The artwork on this note card was created by 5768 WRJ Art Calendar artist Césan d’Ornellas Levine.
“G’ulah” means “redemption.” In this prayer, we remember the greatest example of Israel’s redemption, our escape from Egypt through the parting of the Red Sea. The story of our redemption is the release from slavery and oppression and the beginning of our history as a free people. As we celebrate our redemption, it is only natural to remember those who are still in bondage. We resolve to be not only the redeemed, but also to be the redeemers for others who are not yet free.
Mine was the opportunity to travel to Mississippi in 1964 at the peak of the civil rights struggle and to witness the human spirit striving to be free; I saw a police state — I saw signs — the battered faces beaten by white policemen. I saw the charred pieces of a cross — I saw the rubble of a church burned to the ground. I was filled with anger ... but I found something else too. I saw people longing to leave Egypt. We attended a freedom sing ... according to the usual custom, the group formed a circle and sang “We Shall Overcome." One of the verses I had never heard before: "God is on our side — deep in my heart, I do believe God is on our side....” The same God who was with us when we marched out of Egypt was with them in Mississippi and is with us now.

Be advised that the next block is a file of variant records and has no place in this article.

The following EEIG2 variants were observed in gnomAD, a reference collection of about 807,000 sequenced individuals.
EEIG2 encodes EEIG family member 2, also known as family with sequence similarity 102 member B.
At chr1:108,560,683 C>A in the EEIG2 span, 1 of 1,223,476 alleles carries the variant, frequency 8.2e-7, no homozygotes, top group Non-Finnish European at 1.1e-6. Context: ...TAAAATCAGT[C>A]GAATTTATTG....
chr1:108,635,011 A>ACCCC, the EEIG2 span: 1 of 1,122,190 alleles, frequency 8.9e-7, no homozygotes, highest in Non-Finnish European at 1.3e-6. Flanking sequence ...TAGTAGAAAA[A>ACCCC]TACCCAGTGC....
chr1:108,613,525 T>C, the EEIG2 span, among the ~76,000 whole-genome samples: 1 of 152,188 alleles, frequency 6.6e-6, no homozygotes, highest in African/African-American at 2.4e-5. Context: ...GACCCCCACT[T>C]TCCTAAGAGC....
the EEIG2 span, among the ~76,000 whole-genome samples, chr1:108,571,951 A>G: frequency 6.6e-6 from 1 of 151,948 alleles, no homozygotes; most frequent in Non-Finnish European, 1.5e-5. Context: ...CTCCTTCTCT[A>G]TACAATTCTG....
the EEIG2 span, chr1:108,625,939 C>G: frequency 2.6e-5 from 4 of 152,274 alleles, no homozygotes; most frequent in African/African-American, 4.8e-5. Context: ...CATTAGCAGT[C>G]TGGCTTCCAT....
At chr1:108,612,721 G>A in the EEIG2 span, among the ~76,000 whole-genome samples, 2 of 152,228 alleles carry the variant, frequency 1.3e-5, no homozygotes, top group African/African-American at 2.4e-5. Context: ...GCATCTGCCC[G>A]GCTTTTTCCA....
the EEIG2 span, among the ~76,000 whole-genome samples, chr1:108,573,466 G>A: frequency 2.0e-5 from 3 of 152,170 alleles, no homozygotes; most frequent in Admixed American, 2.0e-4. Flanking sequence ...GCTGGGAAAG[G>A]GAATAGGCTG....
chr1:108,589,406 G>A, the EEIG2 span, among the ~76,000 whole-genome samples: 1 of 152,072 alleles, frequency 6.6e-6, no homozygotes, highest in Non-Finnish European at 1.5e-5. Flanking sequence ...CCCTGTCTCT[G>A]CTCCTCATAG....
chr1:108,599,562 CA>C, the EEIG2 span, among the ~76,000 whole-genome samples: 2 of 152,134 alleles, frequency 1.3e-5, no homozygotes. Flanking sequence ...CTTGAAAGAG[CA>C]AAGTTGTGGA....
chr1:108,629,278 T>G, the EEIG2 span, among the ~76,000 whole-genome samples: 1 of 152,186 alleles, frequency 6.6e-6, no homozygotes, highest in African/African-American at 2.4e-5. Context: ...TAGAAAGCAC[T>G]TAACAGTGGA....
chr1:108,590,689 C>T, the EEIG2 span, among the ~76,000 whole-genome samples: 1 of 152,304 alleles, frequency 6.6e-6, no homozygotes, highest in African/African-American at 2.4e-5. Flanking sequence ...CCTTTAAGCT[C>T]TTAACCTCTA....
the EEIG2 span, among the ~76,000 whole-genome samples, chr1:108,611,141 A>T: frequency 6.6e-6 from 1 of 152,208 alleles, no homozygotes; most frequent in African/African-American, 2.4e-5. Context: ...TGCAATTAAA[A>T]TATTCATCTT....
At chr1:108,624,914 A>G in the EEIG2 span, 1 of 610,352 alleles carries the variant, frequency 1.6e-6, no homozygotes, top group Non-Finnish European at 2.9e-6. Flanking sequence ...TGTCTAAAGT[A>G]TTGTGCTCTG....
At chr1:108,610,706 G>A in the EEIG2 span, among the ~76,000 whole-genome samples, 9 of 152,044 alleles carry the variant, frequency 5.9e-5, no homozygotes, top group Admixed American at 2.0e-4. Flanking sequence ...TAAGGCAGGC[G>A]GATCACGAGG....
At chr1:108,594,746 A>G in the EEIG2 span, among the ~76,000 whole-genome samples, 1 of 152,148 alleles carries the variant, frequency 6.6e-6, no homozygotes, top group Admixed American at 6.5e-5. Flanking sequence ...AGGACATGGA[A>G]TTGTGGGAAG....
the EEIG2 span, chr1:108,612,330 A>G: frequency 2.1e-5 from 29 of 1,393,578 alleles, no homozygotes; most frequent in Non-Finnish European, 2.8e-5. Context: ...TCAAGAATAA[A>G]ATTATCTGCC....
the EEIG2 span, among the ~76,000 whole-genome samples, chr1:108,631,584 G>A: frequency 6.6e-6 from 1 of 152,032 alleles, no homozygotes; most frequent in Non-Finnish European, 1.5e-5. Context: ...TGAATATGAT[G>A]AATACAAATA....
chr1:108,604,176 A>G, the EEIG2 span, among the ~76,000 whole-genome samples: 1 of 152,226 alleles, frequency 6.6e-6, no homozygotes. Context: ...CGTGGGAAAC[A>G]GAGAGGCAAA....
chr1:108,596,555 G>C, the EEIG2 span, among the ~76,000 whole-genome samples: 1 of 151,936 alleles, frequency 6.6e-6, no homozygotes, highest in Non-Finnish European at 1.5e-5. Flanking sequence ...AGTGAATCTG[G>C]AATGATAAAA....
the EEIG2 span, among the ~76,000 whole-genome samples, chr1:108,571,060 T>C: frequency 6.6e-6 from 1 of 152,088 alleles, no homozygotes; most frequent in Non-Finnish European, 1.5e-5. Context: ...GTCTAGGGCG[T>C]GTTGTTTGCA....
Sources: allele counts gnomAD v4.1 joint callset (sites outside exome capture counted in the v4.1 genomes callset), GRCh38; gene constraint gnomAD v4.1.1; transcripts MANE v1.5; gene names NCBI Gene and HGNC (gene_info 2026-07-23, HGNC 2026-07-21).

-Rabbi Jack Stern, Jr.
Westchester Reform Temple Siddur
Wherever we live, it is probably Egypt. There is, there really is, a better place, a promised land. And there is, there really is, a promised time. And there is no way to get from here to there, from now to then, except by joining together and marching—and sometimes stumbling—through the wilderness, watching, this time, not for signs and wonders, but for an opportunity to act.
-Adapted from Michael Walzer, Exodus Revolution
RAC L’taken Seminar Shabbat morning service
Rabbi Judah said: At the sea, each tribe said to each other, “You go into the sea first!” As they stood there bickering, Nachshon ben Aminadav jumped into the water. Meanwhile, Moses was praying. God said to Moses, “My friend is drowning—and you pray!”
“What can I do?” Moses asked.
God responded, as it says in the Torah, “Speak to the people of Israel and tell them to go! Raise your staff…
-Talmud Sotah 36b
Search URJ.org and the other Reform websites: